[2] Dennis, Lane T., and Wayne Grudem. The ESV Study Bible. Wheaton, IL: Good News Publishers, 2008. 211.

[3] Coogan, Michael David, and Cynthia R. Chapman. A Brief Introduction to the Old Testament: The Hebrew Bible in Its Context. New York: Oxford University Press, 2016.  127.

[4] Wenham, Gordon J. The Book of Leviticus. The New International Commentary on the New Testament. Grand Rapids, MI: Eerdmans, 2009.

[5] Hartley, John E. Leviticus. Vol. 4. World Biblical Commentary. Grand Rapids, MI: Zondervan, 2015.

[6] Coogan, Michael. A Brief Introduction to the Old Testament. 130.

[7] Rooker, Mark F. Leviticus. Vol. 3A. The New American Commentary. Nashville Ten.: Broadman & Holman, 2000.

[8] Dennis, Lane T. and Wayne Grudem. The ESV Study Bible. 212.

[9] Walton, John, and Craig Keener. The NIV Cultural Backgrounds Study Bible. Grand Rapids, MI: Zondervan, 2016. 183.

[10] Dennis, Lane T., and Wayne Grudem. The ESV Study Bible. 214.

[11] Burnside, Jonathan P. 2006. “Strange Flesh: Sex, Semiotics and the Construction of Deviancy in Biblical Law.” Journal for the Study of the Old Testament 30 (4): 387–420. 407.

[12] Walton, John, and Craig Keener. The NIV Cultural Backgrounds Study Bible. 183.

[13] Dennis, Lane T., and Wayne Grudem. The ESV Study Bible. 212.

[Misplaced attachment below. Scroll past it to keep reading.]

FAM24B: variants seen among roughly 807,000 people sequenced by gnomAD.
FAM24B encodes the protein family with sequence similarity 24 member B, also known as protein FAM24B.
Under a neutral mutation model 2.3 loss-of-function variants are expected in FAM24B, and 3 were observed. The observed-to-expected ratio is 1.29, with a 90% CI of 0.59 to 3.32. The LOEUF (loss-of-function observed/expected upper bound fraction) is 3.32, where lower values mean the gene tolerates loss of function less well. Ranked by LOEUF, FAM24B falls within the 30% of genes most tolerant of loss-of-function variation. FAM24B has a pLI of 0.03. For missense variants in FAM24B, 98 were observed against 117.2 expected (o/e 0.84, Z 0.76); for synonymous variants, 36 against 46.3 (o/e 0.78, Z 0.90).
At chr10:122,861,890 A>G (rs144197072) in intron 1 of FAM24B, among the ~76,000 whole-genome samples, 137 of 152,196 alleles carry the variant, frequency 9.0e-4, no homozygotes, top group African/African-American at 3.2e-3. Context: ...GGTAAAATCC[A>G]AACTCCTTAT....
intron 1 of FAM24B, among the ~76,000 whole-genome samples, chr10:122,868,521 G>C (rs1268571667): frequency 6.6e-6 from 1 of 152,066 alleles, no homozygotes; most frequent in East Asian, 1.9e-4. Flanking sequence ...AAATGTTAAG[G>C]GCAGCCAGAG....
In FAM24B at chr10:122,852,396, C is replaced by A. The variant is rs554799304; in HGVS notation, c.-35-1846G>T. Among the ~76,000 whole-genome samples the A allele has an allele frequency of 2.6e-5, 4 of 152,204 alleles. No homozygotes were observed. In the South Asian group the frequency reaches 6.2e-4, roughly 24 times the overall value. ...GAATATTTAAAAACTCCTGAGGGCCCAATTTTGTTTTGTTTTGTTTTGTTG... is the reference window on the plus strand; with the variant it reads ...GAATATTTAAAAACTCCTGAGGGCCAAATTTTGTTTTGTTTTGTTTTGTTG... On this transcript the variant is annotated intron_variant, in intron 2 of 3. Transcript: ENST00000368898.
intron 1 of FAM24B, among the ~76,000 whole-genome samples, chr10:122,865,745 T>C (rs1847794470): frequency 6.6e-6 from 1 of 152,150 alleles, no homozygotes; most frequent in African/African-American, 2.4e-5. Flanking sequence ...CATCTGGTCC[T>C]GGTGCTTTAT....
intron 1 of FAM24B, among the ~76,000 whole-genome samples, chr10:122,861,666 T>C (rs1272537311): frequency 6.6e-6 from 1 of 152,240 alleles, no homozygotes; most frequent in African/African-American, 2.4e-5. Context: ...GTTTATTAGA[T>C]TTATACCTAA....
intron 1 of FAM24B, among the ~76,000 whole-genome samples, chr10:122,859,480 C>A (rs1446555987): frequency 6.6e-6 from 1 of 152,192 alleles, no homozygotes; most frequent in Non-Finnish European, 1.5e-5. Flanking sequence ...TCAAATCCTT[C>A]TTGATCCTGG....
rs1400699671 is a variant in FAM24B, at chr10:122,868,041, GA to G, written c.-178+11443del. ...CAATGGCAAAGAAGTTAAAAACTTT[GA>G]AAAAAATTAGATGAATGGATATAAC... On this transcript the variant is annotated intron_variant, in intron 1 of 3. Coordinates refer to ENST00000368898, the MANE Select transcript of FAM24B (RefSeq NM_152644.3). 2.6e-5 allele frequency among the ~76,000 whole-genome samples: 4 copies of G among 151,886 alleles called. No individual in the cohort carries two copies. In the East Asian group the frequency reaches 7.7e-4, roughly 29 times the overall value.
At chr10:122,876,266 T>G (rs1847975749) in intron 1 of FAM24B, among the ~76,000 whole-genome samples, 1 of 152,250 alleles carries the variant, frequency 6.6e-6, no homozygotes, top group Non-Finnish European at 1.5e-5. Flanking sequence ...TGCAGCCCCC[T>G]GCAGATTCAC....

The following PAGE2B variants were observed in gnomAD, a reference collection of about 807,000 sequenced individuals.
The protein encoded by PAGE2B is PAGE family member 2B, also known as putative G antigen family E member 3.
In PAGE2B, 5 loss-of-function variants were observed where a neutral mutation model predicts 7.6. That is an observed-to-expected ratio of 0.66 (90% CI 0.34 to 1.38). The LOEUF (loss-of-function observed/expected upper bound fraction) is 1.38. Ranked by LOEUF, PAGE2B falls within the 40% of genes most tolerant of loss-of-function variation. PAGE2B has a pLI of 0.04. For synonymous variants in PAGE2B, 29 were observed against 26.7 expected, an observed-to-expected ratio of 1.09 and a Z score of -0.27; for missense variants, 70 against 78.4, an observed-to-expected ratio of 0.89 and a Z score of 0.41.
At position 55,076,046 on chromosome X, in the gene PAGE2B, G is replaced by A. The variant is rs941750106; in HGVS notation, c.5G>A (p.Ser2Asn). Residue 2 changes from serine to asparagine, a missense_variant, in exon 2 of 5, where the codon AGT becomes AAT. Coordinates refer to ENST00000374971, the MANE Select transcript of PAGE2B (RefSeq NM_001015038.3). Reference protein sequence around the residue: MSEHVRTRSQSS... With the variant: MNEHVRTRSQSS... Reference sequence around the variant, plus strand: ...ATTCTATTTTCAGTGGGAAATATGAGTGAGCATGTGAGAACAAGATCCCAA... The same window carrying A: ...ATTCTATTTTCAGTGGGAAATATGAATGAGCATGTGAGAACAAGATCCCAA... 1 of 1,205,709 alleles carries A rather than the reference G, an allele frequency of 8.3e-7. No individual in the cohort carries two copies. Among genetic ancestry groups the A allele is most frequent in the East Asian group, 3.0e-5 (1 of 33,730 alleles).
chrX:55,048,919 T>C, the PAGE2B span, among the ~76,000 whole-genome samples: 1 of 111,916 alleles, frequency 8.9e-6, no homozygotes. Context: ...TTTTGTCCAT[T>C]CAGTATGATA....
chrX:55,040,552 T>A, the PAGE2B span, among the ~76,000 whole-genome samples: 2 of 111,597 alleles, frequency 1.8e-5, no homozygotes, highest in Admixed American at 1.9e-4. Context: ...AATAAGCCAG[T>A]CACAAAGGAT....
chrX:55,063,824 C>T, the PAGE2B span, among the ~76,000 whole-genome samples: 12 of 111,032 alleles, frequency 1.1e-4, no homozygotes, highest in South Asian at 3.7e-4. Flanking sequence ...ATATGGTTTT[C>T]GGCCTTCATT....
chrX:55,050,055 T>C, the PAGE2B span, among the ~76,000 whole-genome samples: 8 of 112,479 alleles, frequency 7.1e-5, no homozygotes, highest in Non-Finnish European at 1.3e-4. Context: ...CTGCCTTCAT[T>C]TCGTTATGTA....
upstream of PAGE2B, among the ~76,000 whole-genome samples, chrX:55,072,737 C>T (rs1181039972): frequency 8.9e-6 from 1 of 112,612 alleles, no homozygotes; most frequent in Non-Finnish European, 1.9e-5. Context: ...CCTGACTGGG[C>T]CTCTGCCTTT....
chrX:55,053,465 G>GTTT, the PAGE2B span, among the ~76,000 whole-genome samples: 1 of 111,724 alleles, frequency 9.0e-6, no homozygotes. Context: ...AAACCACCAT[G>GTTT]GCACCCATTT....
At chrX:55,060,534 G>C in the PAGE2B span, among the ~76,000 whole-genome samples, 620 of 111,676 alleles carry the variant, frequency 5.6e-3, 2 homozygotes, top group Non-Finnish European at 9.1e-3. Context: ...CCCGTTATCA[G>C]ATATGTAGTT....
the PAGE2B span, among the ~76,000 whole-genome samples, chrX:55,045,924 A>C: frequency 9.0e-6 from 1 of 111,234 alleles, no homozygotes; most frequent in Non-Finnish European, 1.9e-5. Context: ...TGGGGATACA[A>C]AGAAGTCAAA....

[14] Burnside, Jonathan. Strange Flesh. 388

[15] Ibid. 393.

[16] Hartley, John. World Biblical Commentary

[17] Burnside, Jonathan. Strange Flesh. 395

[18] Ibid. 396.

[19] Gane, Roy. The NIV Application Commentary. Leviticus, Numbers: From Biblical Text … to Contemporary Life. Grand Rapids, MI: Zondervan, 2004.  318.

[20] Hartley, John. World Biblical Commentary

[21] Gane, Roy. The NIV Application Commentary. 331.

[22] Walsh, Jerome T. 2001. “Leviticus 18:22 and 20:13: Who Is Doing What to Whom?” Journal of Biblical Literature 120 (2): 201–9. 207.

[23] Burnside, Jonathan. Strange Flesh. 415.

[24] Ibid. 402.

[25] Wenham, Gordon J. The New International Commentary

[26] Gane, Roy. The NIV Application Commentary. 331.

[27] Ibid. 318.

[28] Wenham, Gordon J. The New International Commentary

[29] Melcher, Sarah J. 2010. “CONSEQUENCE AND INTENTIONALITY: CONCEPTUAL METAPHORS OF THE BODY IN LEVITICUS 20.” Classical Bulletin 86 (1): 18-36. 28.


[31] Ibid. 32.

[32] Wenham, Gordon J. The New International Commentary

[33] Ibid.

[34] Hollenback, George M. 2017. “Who Is Doing What to Whom Revisited: Another Look at Leviticus 18:22 and 20:13.” Journal of Biblical Literature136 (3): 529–37. 530.

[35] Olyan, Saul M. “”And with a Male You Shall Not Lie the Lying down of a Woman”: On the Meaning and Significance of Leviticus 18:22 and 20:13.” Journal of the History of Sexuality 5, no. 2 (1994): 179-206. 186.

[36] Walsh, Jerome T. “Leviticus 18:22 and 20:13: Who Is Doing What to Whom?” 207.

[37] Gnuse, Robert K. “Seven Gay Texts: Biblical Passages Used to Condemn Homosexuality.” Biblical Theology Bulletin: Journal of Bible and Culture 45, no. 2 (2015): 68-87. 78.

[38] Douglas, Mary. 1999. “Justice as the Cornerstone: An Interpretation of Leviticus 18-20.” Interpretation 53 (4): 341–50. 347.

[39] Stahlberg, Lesleigh Cushing. 2008. “Modern Day Moabites: The Bible and the Debate About Same-Sex Marriage.” Biblical Interpretation 16 (5): 442–75. 459.

[40] Burnside, Jonathan. Strange Flesh. 410.